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Ask Me Anything: George Steinbrenner IV, IndyCar Team Owner

Grandson of the notorious New York Yankees owner, George IV comes from baseball royalty but wants reign over a different kingdom. At 22, he’s the youngest team owner in IndyCar history. This month, he’ll get his first shot at 500 glory.

So how does the grandson of George Steinbrenner get into racing?
Racing started for me at a very early age. My cousin was former IndyCar driver Tony Renna. I was a huge fan of his and always sort of looked up to him as a hero. Later on, my uncle Chris Simmons became Scott Dixon’s engineer, and he’s had a lot of success at Chip Ganassi Racing. IndyCar would often be on TV at home, and I was going to as many races as I could. Of course, we’d always make it a point to go to Indy.

Did you ever want to be a driver?
I always had a great appreciation for what the drivers could do, but I never karted. Not starting at a young age can hurt your potential in this sport. And I was always interested in the behind-the-scenes parts, more so than wanting to be on the track. I wanted to be a team executive because that’s the background I grew up with. By the time I was 12 or 13, I just wanted to be on the pit stand.

Did being a Steinbrenner make that ambition more realistic?
My first job in racing was washing the cars in high school. Then I moved to Indianapolis for the 2016 season and worked for Bryan Herta’s Rallycross team. I manned the front desk, answered phones, mopped floors, and got lunch for the crew at the races. But I had no problem doing it. Bryan took me under his wing and taught me about managing a racing team. I got to see the day-to-day operations from the bottom and get my hands dirty.

What was your big break?
Colton Herta [Bryan’s son] was driving over in Europe. I had been following his career since I was 12. He had always wanted to be an IndyCar driver, so I said, “Hey, do you want to start this journey together?” In 2017, we began in Indy Lights, him as driver, me as part-owner. I had the good fortune to partner with Andretti Autosport and get two seasons in Indy Lights learning the ropes from a multi-championship, multi-500-winning team.

You’re the age of the fans IndyCar wants to attract. is the league going about it the right way?
I think they’re doing a lot of good things. There are people who go to the 500 just for the Snake Pit. That’s tickets sold. Those are eyes on IndyCar. And I think the expansion into social media and streaming is great. This new broadcast deal with NBC will help a lot with our digital footprint, not only on the network but on Twitter, Facebook, and Instagram. For folks my age and younger, you need to get our eyes in front of screens if you want your sport to grow.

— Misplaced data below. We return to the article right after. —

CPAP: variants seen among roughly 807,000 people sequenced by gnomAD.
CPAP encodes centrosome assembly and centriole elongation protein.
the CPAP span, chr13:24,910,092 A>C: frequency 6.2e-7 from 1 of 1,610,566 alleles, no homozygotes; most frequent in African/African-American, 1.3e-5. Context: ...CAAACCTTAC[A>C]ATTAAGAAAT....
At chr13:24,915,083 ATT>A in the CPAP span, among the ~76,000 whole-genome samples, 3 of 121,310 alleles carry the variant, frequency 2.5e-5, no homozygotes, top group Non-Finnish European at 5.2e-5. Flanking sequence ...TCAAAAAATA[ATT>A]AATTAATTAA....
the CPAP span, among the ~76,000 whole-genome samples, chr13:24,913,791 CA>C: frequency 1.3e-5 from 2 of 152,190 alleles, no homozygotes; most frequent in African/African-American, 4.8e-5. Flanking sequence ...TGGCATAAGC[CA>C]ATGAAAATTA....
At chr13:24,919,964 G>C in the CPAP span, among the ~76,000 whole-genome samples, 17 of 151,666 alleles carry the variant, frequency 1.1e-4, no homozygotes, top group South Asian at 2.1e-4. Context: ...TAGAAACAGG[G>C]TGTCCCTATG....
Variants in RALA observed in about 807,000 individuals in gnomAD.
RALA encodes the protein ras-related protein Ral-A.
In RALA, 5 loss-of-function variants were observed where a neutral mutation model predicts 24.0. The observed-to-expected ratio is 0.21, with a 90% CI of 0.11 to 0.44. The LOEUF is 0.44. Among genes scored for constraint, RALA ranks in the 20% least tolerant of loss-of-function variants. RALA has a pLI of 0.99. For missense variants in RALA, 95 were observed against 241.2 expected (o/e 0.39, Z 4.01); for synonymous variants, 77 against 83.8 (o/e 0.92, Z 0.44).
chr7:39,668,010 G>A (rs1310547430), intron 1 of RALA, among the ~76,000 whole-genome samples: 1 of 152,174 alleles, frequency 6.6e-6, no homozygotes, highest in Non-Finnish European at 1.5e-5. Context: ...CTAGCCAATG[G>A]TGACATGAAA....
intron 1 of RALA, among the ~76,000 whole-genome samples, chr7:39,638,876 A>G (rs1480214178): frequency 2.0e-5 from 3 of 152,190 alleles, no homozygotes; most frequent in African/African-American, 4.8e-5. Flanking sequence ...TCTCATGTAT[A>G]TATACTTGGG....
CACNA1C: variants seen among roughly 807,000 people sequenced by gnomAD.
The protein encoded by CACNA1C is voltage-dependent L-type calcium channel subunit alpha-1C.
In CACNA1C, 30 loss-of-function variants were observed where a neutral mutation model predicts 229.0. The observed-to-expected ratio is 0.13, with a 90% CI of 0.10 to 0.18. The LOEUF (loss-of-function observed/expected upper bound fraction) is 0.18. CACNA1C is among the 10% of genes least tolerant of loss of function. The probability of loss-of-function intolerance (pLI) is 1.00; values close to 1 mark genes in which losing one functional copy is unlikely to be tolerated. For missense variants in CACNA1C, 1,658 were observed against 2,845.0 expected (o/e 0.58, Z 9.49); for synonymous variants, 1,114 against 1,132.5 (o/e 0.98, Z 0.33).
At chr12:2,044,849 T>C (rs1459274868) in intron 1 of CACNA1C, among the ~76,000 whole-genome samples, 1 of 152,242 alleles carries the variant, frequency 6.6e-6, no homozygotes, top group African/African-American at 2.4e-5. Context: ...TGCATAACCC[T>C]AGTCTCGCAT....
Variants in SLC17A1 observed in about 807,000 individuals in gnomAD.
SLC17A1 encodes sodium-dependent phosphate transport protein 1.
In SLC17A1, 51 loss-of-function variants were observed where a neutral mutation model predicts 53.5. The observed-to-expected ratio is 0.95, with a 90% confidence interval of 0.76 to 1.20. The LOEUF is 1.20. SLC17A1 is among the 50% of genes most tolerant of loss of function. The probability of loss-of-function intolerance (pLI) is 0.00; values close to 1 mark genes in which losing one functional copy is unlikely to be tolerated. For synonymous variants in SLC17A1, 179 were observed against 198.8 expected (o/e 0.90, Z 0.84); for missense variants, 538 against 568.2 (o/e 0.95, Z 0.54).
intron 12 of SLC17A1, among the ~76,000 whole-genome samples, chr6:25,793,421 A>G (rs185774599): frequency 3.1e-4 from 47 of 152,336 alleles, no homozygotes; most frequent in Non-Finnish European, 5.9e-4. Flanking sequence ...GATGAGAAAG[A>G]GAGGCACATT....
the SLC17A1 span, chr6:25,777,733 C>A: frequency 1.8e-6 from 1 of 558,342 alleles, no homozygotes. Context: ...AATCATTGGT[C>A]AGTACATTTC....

But you’re drawn more to the tradition of the sport?
Well, growing up, I was fortunate to be able to go to a lot of amazing sporting events. It could be your 8th, 9th, 10th 500, and that hour before the race is still one of the greatest experiences you can have. The atmosphere. The tradition. The emotion. It’s just special. I’m really looking forward to being a part of this year. I get emotional thinking about it.

A slender man stands smiling behind an IndyCar

George Steinbrenner IVTony Valainis

What’s your favorite 500 tradition?
My absolute favorite part is always “Back Home Again in Indiana.” The drivers are in their cars, everybody is silent, and there’s that thought: It’s about to get going. We’re about to go on this 500-mile journey. It’s a great tone-setter. I got to see Jim Nabors sing it a few times. I remember having my phone out and recording the screen on the front stretch for his last one. I miss him, but they’ve got a great guy [Jim Cornelison] doing it now. I’m sure he’ll be around for years to come.

Do you consider Indy to be your home?
I’ve been living here for three years now. I don’t know if that’s too soon to call yourself a Hoosier, but I’m getting pretty close.

You’re definitely the new kid on the block among IndyCar owners. Has it been a tough transition?
No, I’ve been welcomed. I try to make it apparent that I’m young, and I’m here to learn from the Andrettis, the Penskes, the Ganassis. I can’t kick the door down to my first owners meeting. But more teams mean more growth for the series. When the series grows, it’s good for all of us.

What will you do if you somehow manage to win your first 500?
I’m not sure. Even thinking about it now, it blows my mind that it’s a possibility. It hasn’t sunk in that this Memorial Day, I’ll have the chance. I can’t imagine actually winning it.

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